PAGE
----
A Chicago policeman was found with about 200 parking citations in the trunk of his vehicle. What he had done was switch license plates with the plates on his wife’s vehicle. When he would be given a citation for a parking violation, he would call the Violations Bureau and tell them he found a citation on his vehicle, but it didn’t belong to him because, while the license number matched the license number on the vehicle he was driving, the description of the vehicle did not match the vehicle he was driving. The color, body style and make of vehicle were different.
While conducting an audit of the parking meter system in a mid-continent city, we found most meters on one block jammed with either paper or blades of grass. This was an everyday occurrence. We did some surveillance. It turned out that the meters were being jammed by employees of a nearby hotel. One of them discovered how to jam the meters, and he passed the word on to his fellow employees.
Patron theft and vandalism have resulted in substantial revenue and equipment losses in many cities. A Florida client’s operation was severely damaged by homeless people who found out that the key used to open a can of corned-beef hash could be used successfully to open the lock of the meters. They would then steal the coin cans from the meter vault and break them open with a hammer. They would leave the meter vault door closed but unlocked, and come back periodically to pick up coins that had been deposited since they had broken into the meters. The city solved the problem by changing to an electronic lock that also was tied in with a handheld computer to download the revenue totals each time the meters were collected.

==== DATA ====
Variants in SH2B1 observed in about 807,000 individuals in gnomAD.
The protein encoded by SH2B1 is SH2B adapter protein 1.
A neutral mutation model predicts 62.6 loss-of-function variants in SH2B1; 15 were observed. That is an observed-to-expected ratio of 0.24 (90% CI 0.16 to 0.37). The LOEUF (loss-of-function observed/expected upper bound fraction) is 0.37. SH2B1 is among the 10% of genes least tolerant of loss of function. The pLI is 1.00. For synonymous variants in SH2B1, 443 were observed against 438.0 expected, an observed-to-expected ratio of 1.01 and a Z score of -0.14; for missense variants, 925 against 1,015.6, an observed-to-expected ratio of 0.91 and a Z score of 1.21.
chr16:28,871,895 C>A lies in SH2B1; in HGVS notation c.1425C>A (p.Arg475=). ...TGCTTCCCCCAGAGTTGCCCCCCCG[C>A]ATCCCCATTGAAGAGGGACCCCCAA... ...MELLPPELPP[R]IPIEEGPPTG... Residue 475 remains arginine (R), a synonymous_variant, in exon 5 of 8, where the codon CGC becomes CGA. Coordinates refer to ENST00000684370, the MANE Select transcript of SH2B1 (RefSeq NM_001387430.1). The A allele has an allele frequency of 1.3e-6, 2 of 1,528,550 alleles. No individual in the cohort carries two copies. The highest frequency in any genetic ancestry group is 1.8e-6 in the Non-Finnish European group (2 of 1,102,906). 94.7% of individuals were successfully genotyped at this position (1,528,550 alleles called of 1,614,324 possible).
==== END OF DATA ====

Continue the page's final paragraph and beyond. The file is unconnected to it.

When we were engaged by a large city in Pennsylvania to conduct an audit of its parking meter system, about five meters were being removed by vandals each day to a remote location where they would smash the vaults with a sledgehammer to obtain the coin can and its contents. The meter heads were being obtained by prying then off the posts with a hydraulic jack. When a meter head is removed like that, a municipality loses money in three ways:
The loss of the cost of the meter.
The loss of the coins in the meter vault.
The loss of the meter revenues until the head has been replaced.
What Is an Operational Audit?
An operational audit is a comprehensive examination of all aspects of a parking meter revenue control system. It should be conducted by a revenue control specialist experienced in conducting such an audit. The operational audit examines the many crucial elements of revenue control of parking meter systems. Some are listed on page 29.
Benefits of Operational Audits
They are an inexpensive insurance policy against employee fraud scandals.
If patron cheating or employee theft is occurring, it will be detected so that the fraudulent activities and resultant losses can be stopped.
Because the procedures will have been tightened up, the dishonest employees won’t be able to keep satisfying their theft habits. The loss of that source of revenue will cause them to quit the agency and seek work elsewhere where controls aren’t so rigid.
A greater percentage of fines are collected due to improved citation administrative procedures, resulting in higher revenues.
Reduced number of meters that are inoperative due to inadequate meter maintenance, defect reporting and repair procedures, resulting in higher revenues.
Larry Donoghue is president of Larry Donoghue Associates.
He can be reached at (847) 297-1180.
Article Abstract from February, 2007